Friday, February 22, 2013

EisGersteWein – zweiter Teil

When we last looked in on twenty13 it was starting to freeze at about 22° F and just about ready to be extracted into a 3-gallon corny keg. I dropped the temperature of the beer a bit more, driving for the 18 degrees that my calculations told me would concentrate it enough to achieve 20% abv. It got down to 10° F, so I warmed it back up to between 15 & 16° F. This temp worked out just fine though because the keg-to-keg beer transfer was going to happen outside of the freezer chest. If anything I wanted the beer temp. on transfer day to err on the conservative side. If my yield was less than 2.75 gallons, I knew I could always “water down” the beer to reach 20% abv, but it would be a lot more work if I erred the other way around.

Freezing twenty13 to concentrate the alcohol, residual malt and hops was fairly easy, but it wasn't without a couple minor mishaps. After taking the picture of the keg contents that’s in my previous post, I forgot to repressurize the keg and when the temperature was dropped to 10° F, about 1 quart of slushy beer made its way past the lid o-ring and onto the floor of my freezer chest. It smelled great, but was a sticky mess to clean up.

I used my new Spunding Valve to regulate the transfer rate and to make it a closed transfer to avoid any chance of oxidation. It also kept the recipient keg slightly pressurized which helped minimize the foaming that inevitably happens at the end of transferring a beer in this manner. After transferring the contents from both originating kegs I ended up with only 2.25 gallons. I bounced both kegs a few times to get any trapped liquid moving to the bottom of the keg. Within 5 more minutes I was able to transfer an additional quart. About half an hour after, that I was able to get the final few ounces transferred so my final volume was approx. 2.7 gallons.

Once the transfer was finished, the ice in the keg was white and lacked any malt color. It took another day and a half for the contents of the kegs to completely thaw. There was some color and a little flavor to the fluid that I ended up pouring out. I felt really good about how much concentration I had achieved, but I had yet to test the EisGersteWein twenty13 to confirm I’d achieved my goal.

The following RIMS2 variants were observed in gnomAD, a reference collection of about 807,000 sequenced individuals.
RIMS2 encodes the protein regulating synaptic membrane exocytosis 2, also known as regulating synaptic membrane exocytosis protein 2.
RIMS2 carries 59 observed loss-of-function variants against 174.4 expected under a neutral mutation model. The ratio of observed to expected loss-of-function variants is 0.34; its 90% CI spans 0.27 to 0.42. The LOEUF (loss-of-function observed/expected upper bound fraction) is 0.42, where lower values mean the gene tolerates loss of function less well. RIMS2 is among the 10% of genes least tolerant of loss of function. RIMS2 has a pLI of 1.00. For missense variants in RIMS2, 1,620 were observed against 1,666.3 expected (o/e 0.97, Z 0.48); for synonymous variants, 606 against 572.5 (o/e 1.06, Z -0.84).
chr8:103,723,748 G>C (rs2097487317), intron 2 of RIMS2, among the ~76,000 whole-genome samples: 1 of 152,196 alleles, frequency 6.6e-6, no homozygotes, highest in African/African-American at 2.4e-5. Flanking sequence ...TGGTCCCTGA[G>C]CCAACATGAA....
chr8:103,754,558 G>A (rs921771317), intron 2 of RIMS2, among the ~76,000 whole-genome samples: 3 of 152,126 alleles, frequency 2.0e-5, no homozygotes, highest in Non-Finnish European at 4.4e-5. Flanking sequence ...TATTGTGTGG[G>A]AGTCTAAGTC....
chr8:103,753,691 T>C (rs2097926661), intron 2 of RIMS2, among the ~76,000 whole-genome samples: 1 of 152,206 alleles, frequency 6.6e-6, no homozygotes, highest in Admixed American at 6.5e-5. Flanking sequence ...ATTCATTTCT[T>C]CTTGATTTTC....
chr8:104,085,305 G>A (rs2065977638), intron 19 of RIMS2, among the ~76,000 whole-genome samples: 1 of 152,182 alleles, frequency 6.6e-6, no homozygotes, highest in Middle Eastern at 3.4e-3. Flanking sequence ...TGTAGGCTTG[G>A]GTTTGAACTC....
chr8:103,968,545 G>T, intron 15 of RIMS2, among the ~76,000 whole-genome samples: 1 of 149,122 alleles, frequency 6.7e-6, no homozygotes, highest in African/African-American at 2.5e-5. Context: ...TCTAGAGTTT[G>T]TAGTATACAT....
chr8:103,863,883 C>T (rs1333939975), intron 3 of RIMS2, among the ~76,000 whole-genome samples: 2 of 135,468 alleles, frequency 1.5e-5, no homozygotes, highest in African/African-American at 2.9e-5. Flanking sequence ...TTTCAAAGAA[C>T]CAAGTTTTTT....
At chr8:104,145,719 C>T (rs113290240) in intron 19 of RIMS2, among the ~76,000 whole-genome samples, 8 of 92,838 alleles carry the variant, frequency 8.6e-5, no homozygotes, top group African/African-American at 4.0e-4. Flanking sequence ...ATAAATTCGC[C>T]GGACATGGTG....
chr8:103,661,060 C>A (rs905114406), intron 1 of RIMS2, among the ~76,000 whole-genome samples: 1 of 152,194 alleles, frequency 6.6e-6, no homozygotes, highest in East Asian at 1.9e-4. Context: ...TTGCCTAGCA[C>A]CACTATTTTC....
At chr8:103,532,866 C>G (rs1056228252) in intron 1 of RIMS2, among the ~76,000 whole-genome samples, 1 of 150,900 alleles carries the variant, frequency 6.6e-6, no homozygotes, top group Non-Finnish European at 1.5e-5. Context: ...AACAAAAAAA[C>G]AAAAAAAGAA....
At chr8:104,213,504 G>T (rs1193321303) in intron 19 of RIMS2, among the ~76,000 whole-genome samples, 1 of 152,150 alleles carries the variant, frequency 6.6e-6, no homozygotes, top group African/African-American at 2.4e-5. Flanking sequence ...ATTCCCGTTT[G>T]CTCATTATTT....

The original beer had an OG of 1.066 and a FG of 1.018 (5.8 Brix), so the original abv was 6.06%. The freezing would increase the alcohol(abv), residual malt (FG) and hops (IBU’s) about 330% so long as I concentrated the original 9 gallons down to 2.70 to 2.73 gallons. The only empirical measurement I could use in my brewery was measuring the FG after all was said and done. I used my refractometer and it read just over 19.0 My calculated goal was 19.1(5.8 x 3.3) to reach 20.21% abv. Short of using a laboratory to confirm the actual alcohol level, I’d say the goal abv was reached. To validate the beer as a success though, the beer had to pass a taste test too.

I belong to a small group of very committed homebrewers – Tao of Brewing. Most of us have been brewing for over a decade, some of us for nearly two decades, but there are some members who've been brewing for only a few years. Our group was formed to give and receive honest evaluation of our beers that don’t any hold any punches. Honest feedback is the goal so that we all make the best beer possible.  

At the meeting this past Wednesday I served the first samples of twenty13 and my fellow brewers said they tasted:
  • Huge London Pride/Fullers ESB malt flavor from yeast esters.
  • Bittering and flavor hops there but no hop aroma.
  • Balanced malt to hop bitterness.
  • Alcohol hidden but hits in aftertaste.
  • British, bready, biscuity.
  • Honey and chamomile.
  • Toffee & medium crystal flavor notes.
  • Irish whisky-like flavor notes as it warms.
  • Definitely beer-like.
  • Can smell alcohol slightly.
  • Dry hoppiness lingers in finish.
  • Strangely dry for a beer with such a high FG
  • Loooooong dry, hoppy finish.
  • Final verdict: intense, balanced and awesome!

Again and again, tasters were surprised at the alcohol level and they commented on how well balanced the beer tasted. Many of them lamented on how bad Sink the Bismarck tasted to them. They found that beer to be unbalanced and commented how overbearing the hops were in it. These guys are no shrinking violets when it comes to hops, but they don’t like BrewDog products in the least. In twenty13 I planned for the concentration of the hop bitterness and flavor, but I was truly surprised at how well that aspect of the finished beer came off.

In any case, I’m very proud of this beer and can’t wait to force carbonate & bottle it so I can share it with friends and family…now if I could just find 187 ml BROWN bottles somewhere!

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